The light shines in the darkness, and the darkness has not overcome it.

This chapter has always struck me as simultaneously the most terrifying thing in the series, and the most comforting.  Part of the reason it’s so frightening is really because it’s never explained.  All you ever know is that it’s an evil thing that has existed for no less than a decade, and quite possibly ages.

For a few feet in front of their bows they could see the swell of the bright greenish-blue water.  Beyond that, they could see water looking pale and gray as it would look late in the evening.  But beyond that again, utter blackness as if they had come to the edge of moonless and starless night.

Caspian, Edmund, and literally everyone else on the boat want to turn back, but of course Reepicheep butts in, pointing out that they’re all “just scared of the dark” and that, while investigating the “Island”  might not serve any material purpose, the voyage was never meant for simple material gain, but for adventure and for honor.  Faced with Reepicheep’s unyielding and irrefutable logic, they all reluctantly agree to plunge into the darkness.

Suddenly, from somewhere – no one’s sense of direction was very clear by now – there came a cry, either of some inhuman voice or else a voice of one in such extremity of terror that he had almost lost his humanity.

Can I just say that Lewis is something of a master of suspense?  Even after I’ve read this book so many times before and know “how it ends”, this sequence still keeps me on the edge of my seat.  And then, after the person they pick up tells them the name of the island (“the Island where Dreams come true”) all hell breaks loose.

“Fools!” said the man, stamping his foot with rage.  “That is the sort of talk that brought me here, and I’d better have been drowned or never born.  Do you hear what I say?  This is where dreams – dreams, do you understand? – come to life, come real. Not daydreams: dreams.”

There was about a half minute’s silence and then, with a great clatter of armor, the whole crew were tumbling down the main hatch as quick as they could and flinging themselves on the oars to row as they had never rowed before […].  For it had taken everyone just that half-minute to remember certain dreams they had had – dreams that make you afraid of going to sleep again – and to realize what it would mean to land on a country where dreams come true.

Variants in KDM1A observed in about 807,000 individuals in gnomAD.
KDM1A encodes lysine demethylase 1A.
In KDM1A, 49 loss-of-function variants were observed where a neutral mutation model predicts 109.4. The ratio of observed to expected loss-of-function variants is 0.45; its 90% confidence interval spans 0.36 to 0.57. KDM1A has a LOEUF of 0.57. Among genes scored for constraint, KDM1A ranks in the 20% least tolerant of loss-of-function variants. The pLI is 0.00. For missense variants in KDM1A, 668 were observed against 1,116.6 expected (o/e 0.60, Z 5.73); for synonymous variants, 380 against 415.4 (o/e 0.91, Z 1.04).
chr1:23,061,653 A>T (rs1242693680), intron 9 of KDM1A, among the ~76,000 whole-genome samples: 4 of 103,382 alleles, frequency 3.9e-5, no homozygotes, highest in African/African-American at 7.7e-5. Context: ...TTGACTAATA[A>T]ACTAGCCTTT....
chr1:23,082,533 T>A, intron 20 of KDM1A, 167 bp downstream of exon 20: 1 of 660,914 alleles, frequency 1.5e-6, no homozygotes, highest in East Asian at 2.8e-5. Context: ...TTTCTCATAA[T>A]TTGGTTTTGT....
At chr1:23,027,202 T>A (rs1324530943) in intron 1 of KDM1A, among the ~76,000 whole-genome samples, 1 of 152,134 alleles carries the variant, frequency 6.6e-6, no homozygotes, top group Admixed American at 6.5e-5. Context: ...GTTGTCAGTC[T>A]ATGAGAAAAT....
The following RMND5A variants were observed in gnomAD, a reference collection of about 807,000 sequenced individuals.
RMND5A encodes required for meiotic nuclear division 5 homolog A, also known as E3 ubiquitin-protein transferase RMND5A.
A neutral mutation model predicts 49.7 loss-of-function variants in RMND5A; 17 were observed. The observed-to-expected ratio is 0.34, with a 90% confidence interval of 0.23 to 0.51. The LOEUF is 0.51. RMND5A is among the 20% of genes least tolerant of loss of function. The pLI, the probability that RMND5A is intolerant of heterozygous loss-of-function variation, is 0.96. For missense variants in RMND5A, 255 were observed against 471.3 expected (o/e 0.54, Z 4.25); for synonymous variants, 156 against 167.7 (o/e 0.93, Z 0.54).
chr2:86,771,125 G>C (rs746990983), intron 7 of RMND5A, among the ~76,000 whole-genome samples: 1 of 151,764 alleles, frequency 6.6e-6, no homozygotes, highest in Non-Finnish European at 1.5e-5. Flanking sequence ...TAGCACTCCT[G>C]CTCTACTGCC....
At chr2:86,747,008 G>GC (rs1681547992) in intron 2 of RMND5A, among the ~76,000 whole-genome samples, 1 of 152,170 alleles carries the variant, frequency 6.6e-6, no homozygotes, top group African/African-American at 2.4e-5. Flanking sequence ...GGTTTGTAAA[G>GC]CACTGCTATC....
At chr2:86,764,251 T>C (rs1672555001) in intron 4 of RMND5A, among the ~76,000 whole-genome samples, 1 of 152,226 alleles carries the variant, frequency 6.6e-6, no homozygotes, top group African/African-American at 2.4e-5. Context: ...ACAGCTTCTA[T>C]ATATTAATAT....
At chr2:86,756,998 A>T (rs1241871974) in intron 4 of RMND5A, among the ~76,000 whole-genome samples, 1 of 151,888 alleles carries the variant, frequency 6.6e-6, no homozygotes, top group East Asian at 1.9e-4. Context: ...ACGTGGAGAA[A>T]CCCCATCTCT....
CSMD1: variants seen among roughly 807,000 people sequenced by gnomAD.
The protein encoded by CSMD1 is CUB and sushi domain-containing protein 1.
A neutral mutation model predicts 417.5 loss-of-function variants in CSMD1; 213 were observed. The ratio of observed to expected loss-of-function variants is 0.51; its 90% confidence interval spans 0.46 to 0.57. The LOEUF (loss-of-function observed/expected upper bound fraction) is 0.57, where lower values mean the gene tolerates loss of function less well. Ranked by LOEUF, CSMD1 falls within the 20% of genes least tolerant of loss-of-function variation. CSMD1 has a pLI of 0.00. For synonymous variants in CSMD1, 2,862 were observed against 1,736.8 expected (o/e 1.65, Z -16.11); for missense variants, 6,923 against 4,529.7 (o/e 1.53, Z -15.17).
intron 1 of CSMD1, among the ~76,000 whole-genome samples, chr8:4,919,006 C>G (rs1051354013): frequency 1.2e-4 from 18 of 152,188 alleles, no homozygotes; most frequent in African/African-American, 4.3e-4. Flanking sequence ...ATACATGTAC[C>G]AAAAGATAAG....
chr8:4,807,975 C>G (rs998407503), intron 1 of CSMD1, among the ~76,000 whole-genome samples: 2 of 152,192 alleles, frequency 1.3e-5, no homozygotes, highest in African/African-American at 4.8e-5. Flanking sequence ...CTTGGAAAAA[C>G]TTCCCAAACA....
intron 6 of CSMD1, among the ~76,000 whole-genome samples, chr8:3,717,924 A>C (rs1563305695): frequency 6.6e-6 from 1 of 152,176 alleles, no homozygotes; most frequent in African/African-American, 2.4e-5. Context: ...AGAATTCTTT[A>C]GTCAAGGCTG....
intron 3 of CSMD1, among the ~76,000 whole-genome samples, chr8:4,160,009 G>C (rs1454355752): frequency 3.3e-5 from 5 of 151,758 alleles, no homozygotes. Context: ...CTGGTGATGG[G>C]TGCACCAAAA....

There’s a distinct emphasis on inhuman vs. human in this chapter.  Fear is a very human thing – and Reepicheep is the only one unmoved by this revelation.

“You can say what you like, Reepicheep.  There are some things no man can face.”

“It is, then, my good fortune not to be a man,” replied Reepicheep with a very stiff bow.

And then the men start hearing their dreams in the silence around the ship – each one hearing something different.   This, combined with the fact that nothing actually happens to them (not to mention that they only start hearing things after they’ve heard what the island is supposed to be) seems to imply that it really is all in their heads.  Perhaps the complete darkness just makes men insane, and in their insanity, they end up hurting and killing each other.  Either way, the danger is very real.

Lucy leant her head on the edge of the fighting-top and whispered, “Aslan, Aslan, if ever you loved us at all, send us help now.”  The darkness did not grow any less, but she began to feel a little – a very, very little – better.

And Aslan does send help – the implication, in fact, is that Aslan himself comes to their aid in the form of a seabird (and of Light).  He leads the Dawn Treader out of the Darkness, and once they’re out, the Island vanishes.

And all at once everybody realized that there was nothing to be afraid of and never had been.

I wonder if the Dark Island is supposed to represent death – after all, death is compared to a shadow numerous times throughout Scripture (Lewis uses that image explicitly in later books), it’s one of mankind’s greatest collective fears (whereas Reepicheep has evidently overcome his fear of death), and they’re all rescued from it by Aslan.  Also, they’re well on their way to Aslan’s Country at this point, which is clearly the Narnian version of Heaven.  At any rate, from this point on there really aren’t anymore dangers (spoilers, I guess), only the glories of the edge of the world.

Until next time…

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